The Outsiders Tom Cruise

"The Outsiders" (1983)
If "Taps" gave Cruise a taste of what it would be like to be part of a generation of upcoming actors, he hit the motherload by getting cast in Francis Ford Coppola's "The Outsiders," alongside Matt Dillon, C. Thomas Howell, Ralph Macchio, Patrick Swayze, Rob Lowe, Emilio Estevez and Diane Lane. Based on S.E. Hinton's novel of the same name, the film is certainly beautiful to look at, and wants to be epic in scope and sweep, but somehow the story doesn't quite have the grand heft and thematic resonance it really needs. But does it really matter when the cast is this pretty? Again, Cruise takes a less central role than those actors he would soon and forever eclipse in terms of star power, but it is notable from his point of view, because here, despite some spitty, snarly play-acting, greasy hair and snaggly teeth, we discern for the first time Cruise's heartthrob potential, even in amongst so many heartthrobs. They play a gang of underprivileged kids who are involved in a rivalry with a wealthier gang that spirals out of control when one of the richer kids is killed in a brawl, and as such this also marks a rare time that Cruise would play a true outcast, a reject (as opposed to a principled loner) -- future roles may have given him a blue-collar background, but defining Cruise characters are almost always successful in adapting to, and ultimately winning within whatever social circle they aspire to. But while Cruise may be overshadowed in terms of screen time and performance this time out by the likes of Macchio and Howell, especially, according to Lowe, already back then, he was displaying the "traits that would make him famous. He's zeroed in like a laser." Lowe also recounts how even this early on, his agent and future production partner Paula Wagner was a hugely important figure in Cruise's life. Retrospectively it's tempting to ascribe a good deal of the efficient upward trajectory of his early career to her guiding intelligence -- sheer luck and raw talent can't wholly account for zero-to-hero in just five films, after all.

Losin' It Tom Cruise

"Losin' It" (1983)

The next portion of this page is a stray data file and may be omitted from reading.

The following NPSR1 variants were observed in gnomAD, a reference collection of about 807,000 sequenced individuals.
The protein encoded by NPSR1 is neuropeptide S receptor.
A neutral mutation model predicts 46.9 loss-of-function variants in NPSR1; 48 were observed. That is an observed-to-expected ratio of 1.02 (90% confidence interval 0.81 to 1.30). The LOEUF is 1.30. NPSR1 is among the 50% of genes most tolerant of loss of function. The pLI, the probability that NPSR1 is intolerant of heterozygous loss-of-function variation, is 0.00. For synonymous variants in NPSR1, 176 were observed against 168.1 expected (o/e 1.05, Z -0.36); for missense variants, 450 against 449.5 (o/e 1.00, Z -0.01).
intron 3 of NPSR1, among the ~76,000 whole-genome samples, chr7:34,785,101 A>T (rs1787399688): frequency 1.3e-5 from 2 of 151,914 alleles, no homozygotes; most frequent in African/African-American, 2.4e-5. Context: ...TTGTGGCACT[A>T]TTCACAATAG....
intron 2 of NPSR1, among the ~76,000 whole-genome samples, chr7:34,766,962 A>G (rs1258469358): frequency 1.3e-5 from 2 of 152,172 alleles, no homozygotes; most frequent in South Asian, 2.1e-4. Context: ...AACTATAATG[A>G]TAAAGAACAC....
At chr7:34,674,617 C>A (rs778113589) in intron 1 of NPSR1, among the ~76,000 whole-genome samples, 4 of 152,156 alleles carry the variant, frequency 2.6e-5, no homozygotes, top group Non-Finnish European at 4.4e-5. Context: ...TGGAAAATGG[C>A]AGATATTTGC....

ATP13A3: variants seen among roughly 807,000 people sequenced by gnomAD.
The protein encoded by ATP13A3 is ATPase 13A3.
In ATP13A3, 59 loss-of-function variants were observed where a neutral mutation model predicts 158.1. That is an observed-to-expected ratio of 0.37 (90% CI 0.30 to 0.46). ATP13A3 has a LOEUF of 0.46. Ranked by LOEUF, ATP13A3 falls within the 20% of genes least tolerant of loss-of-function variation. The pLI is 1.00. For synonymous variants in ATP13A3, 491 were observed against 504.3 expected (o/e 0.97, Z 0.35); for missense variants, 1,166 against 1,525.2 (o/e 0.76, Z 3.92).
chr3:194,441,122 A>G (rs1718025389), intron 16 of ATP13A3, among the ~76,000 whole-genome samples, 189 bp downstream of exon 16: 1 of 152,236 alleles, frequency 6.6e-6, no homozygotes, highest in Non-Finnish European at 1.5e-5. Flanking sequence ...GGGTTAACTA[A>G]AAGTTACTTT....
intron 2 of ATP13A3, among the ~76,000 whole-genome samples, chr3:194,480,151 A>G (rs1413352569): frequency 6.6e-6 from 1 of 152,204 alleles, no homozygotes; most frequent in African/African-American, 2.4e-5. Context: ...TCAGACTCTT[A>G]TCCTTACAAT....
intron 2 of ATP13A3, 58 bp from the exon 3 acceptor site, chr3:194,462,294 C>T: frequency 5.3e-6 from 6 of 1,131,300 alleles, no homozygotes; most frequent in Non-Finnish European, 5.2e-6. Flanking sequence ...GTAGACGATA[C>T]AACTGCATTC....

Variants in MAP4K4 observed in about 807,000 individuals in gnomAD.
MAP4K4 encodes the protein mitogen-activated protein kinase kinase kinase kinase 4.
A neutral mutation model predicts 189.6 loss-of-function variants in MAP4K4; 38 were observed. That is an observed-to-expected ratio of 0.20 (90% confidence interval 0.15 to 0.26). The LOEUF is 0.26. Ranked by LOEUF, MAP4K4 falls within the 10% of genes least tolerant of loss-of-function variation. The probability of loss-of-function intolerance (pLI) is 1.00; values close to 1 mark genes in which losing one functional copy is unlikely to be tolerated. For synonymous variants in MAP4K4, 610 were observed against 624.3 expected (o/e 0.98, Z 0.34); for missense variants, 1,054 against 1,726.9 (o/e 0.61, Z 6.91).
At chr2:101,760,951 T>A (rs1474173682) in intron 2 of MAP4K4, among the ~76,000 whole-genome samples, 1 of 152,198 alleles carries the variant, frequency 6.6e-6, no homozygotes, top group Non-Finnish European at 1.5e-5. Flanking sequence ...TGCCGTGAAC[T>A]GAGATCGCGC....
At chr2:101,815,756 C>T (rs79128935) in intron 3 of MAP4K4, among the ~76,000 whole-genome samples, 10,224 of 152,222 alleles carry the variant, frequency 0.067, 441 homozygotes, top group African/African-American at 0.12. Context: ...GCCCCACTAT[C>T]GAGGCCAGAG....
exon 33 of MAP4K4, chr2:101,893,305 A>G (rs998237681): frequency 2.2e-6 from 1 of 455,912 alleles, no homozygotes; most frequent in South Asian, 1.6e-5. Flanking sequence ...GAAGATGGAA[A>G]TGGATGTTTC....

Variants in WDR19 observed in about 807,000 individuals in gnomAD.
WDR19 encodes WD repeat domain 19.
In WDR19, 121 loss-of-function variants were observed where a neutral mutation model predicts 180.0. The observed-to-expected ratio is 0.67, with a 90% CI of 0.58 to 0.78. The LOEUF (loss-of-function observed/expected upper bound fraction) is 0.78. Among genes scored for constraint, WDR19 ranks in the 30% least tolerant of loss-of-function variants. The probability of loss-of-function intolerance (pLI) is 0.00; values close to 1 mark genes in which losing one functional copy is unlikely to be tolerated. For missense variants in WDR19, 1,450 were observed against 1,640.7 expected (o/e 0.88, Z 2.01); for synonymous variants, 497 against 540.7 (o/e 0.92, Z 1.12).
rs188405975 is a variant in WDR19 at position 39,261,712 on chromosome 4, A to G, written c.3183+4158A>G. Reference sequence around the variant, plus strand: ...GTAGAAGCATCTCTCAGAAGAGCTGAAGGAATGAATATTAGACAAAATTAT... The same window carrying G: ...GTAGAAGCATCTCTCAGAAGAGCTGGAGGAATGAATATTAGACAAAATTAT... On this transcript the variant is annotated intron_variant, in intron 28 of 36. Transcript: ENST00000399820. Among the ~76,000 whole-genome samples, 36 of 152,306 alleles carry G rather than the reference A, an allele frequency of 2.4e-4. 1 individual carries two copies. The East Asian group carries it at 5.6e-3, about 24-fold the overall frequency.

But if with 'Outsiders' and "Taps" Cruise might have been in danger of being pigeonholed into the "volatile friend" supporting role, his next two films would be in one of the defining genres of the era -- the teen sex comedy -- and would put paid to any such notions. "Risky Business" would of course be his breakout, before "Top Gun" three years later would rocket, or fighter jet him to superstardom, but prior to that came "Losin' It," the justly overlooked "one crazy night"-style story of a bunch of high school kids heading to Tijuana for an evening of debauchery. No prizes for guessing what the "it" is that these boys are hoping to lose. Really, in tracing the evolution of Cruise into the star we know today, "Losin It" is most notable for being the first time he really had the lead role, even if that doesn't clearly emerge until a little later in the film. So of the three friends who go on the trip, Dave (Jackie Earle Haley -- apparently born looking about 35) is the wildcard motormouth who can't keep it in his pants, Spider (John Stockwell) is the goodlooking jock who gets into fights and tries to bribe policemen while Woody (Cruise) is the sweet, slightly nebbish friend who chickens out of losing his virginity to a prostitute and is instead deflowered in a much more romantic manner by the young housewife (Shelley Long) to whom they gave a lift to TJ for a quickie divorce. So it's a romantic lead of sorts, inasmuch as this sort of film ever provided one of those, but it's Haley's wired, twitchy, OTT performance that steals what little there is to take here. A sort of interesting moment happens at the end when Long's husband reappears, but it's way too little too late in what is otherwise a tiresome palaver of a film, featuring a neat line in casual racism and a pretty revolting sexist streak that may have been par for the course at the time, but dates the film badly now. The real surprise here is that Curtis Hanson is the director. So it's not only an early low point for Cruise, then.